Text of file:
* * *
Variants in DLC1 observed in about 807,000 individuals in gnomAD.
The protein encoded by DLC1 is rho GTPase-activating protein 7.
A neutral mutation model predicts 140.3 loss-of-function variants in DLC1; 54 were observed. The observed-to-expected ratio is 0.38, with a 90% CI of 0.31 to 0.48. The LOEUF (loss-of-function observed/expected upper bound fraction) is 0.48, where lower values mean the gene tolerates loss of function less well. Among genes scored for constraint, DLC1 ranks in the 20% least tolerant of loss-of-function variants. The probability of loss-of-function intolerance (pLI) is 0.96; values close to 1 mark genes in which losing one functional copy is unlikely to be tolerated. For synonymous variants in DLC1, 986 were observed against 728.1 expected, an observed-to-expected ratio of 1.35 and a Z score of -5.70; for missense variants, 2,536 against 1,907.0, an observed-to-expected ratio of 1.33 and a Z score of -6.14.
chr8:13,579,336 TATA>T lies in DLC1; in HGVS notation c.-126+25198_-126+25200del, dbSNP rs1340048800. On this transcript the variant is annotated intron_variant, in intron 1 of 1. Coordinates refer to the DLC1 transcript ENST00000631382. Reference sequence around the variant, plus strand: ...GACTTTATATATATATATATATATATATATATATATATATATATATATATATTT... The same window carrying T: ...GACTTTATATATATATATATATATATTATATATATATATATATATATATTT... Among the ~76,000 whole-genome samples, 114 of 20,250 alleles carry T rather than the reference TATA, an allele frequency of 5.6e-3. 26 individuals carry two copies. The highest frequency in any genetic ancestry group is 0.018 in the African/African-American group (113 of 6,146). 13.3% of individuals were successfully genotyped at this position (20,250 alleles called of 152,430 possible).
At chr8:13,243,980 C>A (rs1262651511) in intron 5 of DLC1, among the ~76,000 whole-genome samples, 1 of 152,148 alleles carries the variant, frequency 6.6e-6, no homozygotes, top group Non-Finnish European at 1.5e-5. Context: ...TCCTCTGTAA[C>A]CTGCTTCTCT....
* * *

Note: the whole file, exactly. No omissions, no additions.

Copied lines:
Variants in DLC1 observed in about 807,000 individuals in gnomAD.
The protein encoded by DLC1 is rho GTPase-activating protein 7.
A neutral mutation model predicts 140.3 loss-of-function variants in DLC1; 54 were observed. The observed-to-expected ratio is 0.38, with a 90% CI of 0.31 to 0.48. The LOEUF (loss-of-function observed/expected upper bound fraction) is 0.48, where lower values mean the gene tolerates loss of function less well. Among genes scored for constraint, DLC1 ranks in the 20% least tolerant of loss-of-function variants. The probability of loss-of-function intolerance (pLI) is 0.96; values close to 1 mark genes in which losing one functional copy is unlikely to be tolerated. For synonymous variants in DLC1, 986 were observed against 728.1 expected, an observed-to-expected ratio of 1.35 and a Z score of -5.70; for missense variants, 2,536 against 1,907.0, an observed-to-expected ratio of 1.33 and a Z score of -6.14.
chr8:13,579,336 TATA>T lies in DLC1; in HGVS notation c.-126+25198_-126+25200del, dbSNP rs1340048800. On this transcript the variant is annotated intron_variant, in intron 1 of 1. Coordinates refer to the DLC1 transcript ENST00000631382. Reference sequence around the variant, plus strand: ...GACTTTATATATATATATATATATATATATATATATATATATATATATATATTT... The same window carrying T: ...GACTTTATATATATATATATATATATTATATATATATATATATATATATTT... Among the ~76,000 whole-genome samples, 114 of 20,250 alleles carry T rather than the reference TATA, an allele frequency of 5.6e-3. 26 individuals carry two copies. The highest frequency in any genetic ancestry group is 0.018 in the African/African-American group (113 of 6,146). 13.3% of individuals were successfully genotyped at this position (20,250 alleles called of 152,430 possible).
At chr8:13,243,980 C>A (rs1262651511) in intron 5 of DLC1, among the ~76,000 whole-genome samples, 1 of 152,148 alleles carries the variant, frequency 6.6e-6, no homozygotes, top group Non-Finnish European at 1.5e-5. Context: ...TCCTCTGTAA[C>A]CTGCTTCTCT....